Handgun Barrel Length: A Primer


Handgun Barrel Length: A Primer

Much has been written over the years about performance differences between various lengths of rifle barrels, but there has been relatively little discussion about the differences in barrel lengths for handguns. What differences does it make in a pistol or revolver?

Back in the 70s or so, Dan Wesson brought out its interchangeable-barrel 357 Magnum revolver, which could be fitted with barrels of various length, from 2 to about 14 inches if I recall. A report came out examining various issues of shooting performance in that revolver as the barrels were switched from the shortest to the longest.

There was very little demonstrated differences in the bullet velocity from one barrel to the next, but there was some. Just not as noticeable as in a centerfire rifle. Other differences were noted though.

Short-barreled handguns in the 2-3 inch category were called “snub-nosed” guns back in the day. Today they are “carry” guns or “concealed” handguns. The short barrels are more portable and indeed concealable. With full-bore loads the muzzle flip or recoil can be considerable as can be the muzzle flash and muzzle report.

Most of these snubbies were intended for short-range self-defense work. With such a short barrel comes a short sight radius, and they were generally considered point-and-shoot handguns. Ammunition velocities out of these guns more or less set the starting base for handgun bullet performance.

As the length of barrels increased within the same caliber, other factors began to change as well. All else being equal, bullet velocities increased somewhat when going to a 4-inch barrel, but certainly to a 6 or 8 inch or even a 10-inch in some handguns intended for target shooting or hunting.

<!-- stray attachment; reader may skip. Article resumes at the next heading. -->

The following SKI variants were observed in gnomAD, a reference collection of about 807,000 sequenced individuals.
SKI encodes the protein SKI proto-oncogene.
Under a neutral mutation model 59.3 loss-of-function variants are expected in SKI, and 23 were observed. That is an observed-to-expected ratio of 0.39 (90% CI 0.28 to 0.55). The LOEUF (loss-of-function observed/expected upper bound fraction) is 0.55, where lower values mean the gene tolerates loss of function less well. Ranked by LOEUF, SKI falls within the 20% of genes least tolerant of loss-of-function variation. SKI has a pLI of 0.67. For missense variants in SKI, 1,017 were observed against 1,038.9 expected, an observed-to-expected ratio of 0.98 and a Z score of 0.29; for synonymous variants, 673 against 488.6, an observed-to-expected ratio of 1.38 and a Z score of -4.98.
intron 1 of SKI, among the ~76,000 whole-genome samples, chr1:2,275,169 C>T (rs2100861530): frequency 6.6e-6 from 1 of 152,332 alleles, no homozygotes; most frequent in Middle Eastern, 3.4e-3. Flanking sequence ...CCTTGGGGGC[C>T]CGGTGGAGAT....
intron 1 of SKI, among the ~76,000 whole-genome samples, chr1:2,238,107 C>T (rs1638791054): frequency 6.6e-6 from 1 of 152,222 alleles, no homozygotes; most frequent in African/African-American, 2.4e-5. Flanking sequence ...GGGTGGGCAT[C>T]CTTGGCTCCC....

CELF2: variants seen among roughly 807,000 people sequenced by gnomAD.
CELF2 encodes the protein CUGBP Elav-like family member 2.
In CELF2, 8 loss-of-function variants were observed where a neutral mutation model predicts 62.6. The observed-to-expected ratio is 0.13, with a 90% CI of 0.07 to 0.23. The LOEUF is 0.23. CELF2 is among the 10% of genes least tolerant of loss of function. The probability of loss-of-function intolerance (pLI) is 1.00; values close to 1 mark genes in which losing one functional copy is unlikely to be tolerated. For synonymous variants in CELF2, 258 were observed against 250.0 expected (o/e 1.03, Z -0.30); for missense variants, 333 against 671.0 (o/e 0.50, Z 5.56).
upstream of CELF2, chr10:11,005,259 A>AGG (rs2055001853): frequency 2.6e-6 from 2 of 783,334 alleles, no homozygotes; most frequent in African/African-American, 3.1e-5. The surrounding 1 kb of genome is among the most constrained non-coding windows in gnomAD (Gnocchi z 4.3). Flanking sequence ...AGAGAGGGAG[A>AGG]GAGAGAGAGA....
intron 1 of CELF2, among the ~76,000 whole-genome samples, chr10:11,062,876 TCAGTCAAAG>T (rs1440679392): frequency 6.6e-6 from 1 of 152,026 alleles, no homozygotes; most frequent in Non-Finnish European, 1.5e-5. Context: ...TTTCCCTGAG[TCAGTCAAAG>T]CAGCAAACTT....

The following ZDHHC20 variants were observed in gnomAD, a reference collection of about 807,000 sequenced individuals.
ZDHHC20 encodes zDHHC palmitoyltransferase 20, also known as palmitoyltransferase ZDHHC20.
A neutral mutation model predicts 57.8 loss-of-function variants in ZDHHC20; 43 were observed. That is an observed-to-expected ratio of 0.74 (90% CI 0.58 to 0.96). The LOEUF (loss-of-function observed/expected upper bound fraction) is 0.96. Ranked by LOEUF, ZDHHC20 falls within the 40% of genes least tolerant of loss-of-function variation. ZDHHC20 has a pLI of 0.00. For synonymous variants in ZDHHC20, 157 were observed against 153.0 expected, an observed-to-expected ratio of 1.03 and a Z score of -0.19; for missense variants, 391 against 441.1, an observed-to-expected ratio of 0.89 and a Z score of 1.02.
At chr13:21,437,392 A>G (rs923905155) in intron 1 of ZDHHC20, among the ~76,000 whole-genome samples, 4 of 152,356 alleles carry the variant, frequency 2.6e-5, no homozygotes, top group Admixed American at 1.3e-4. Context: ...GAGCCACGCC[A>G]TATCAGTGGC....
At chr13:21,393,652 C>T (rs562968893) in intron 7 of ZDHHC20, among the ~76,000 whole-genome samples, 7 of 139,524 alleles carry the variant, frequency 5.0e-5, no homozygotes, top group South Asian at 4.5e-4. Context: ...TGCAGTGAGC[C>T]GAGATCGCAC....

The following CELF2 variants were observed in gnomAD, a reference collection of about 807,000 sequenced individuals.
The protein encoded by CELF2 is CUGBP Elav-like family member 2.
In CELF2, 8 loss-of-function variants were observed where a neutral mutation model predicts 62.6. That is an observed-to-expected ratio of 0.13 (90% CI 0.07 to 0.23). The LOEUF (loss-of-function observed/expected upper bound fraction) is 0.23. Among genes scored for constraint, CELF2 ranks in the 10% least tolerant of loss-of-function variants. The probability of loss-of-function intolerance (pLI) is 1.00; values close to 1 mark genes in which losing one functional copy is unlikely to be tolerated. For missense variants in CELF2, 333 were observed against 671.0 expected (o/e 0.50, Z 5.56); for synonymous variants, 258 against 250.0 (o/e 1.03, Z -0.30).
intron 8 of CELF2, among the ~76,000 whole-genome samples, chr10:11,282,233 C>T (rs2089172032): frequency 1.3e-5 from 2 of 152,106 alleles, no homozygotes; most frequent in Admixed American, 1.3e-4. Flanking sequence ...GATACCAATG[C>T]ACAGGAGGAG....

These factors are even more pronounced as you climb the caliber sizes up to the magnums, but certainly with ones like the 454 Casull, 460 or 500 Smith and Wesson. These truly big-bore handguns wreak havoc on both ends of the firearm. If you ever have a chance to shoot a 4-inch S&W 500, do so for the sheer experience of it. I have, but won’t again. Ruark aside, I think there really can be too much gun in some cases.

Longer-barreled handguns are better suited for tasks like hunting, where the longer sight radius produces more effective aiming over open sights. The long barrel will also maximize bullet performance on game. As handgun barrel length gets longer, you can expect better handling, better muzzle control, less muzzle flip or noise, enhanced sighting, and better terminal ballistics.

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Award winning outdoor writer/photographer since 1978. Over 3000 articles and columns published nationally. Field & Stream Hero of Conservation in 2007. Fields of writing includes hunting most game in American, Canada, and Europe, fishing fresh and saltwater, destination travel, product reviews, industry consulting, and conservation issues. Currently VP at largest community college in Mississippi in economic development and workforce training with 40 years of experience in Higher Education. BS-MS in wildlife sciences from MO. University, and then a PhD in Industrial Psychology. Married with two children and Molly the Schnoodle.

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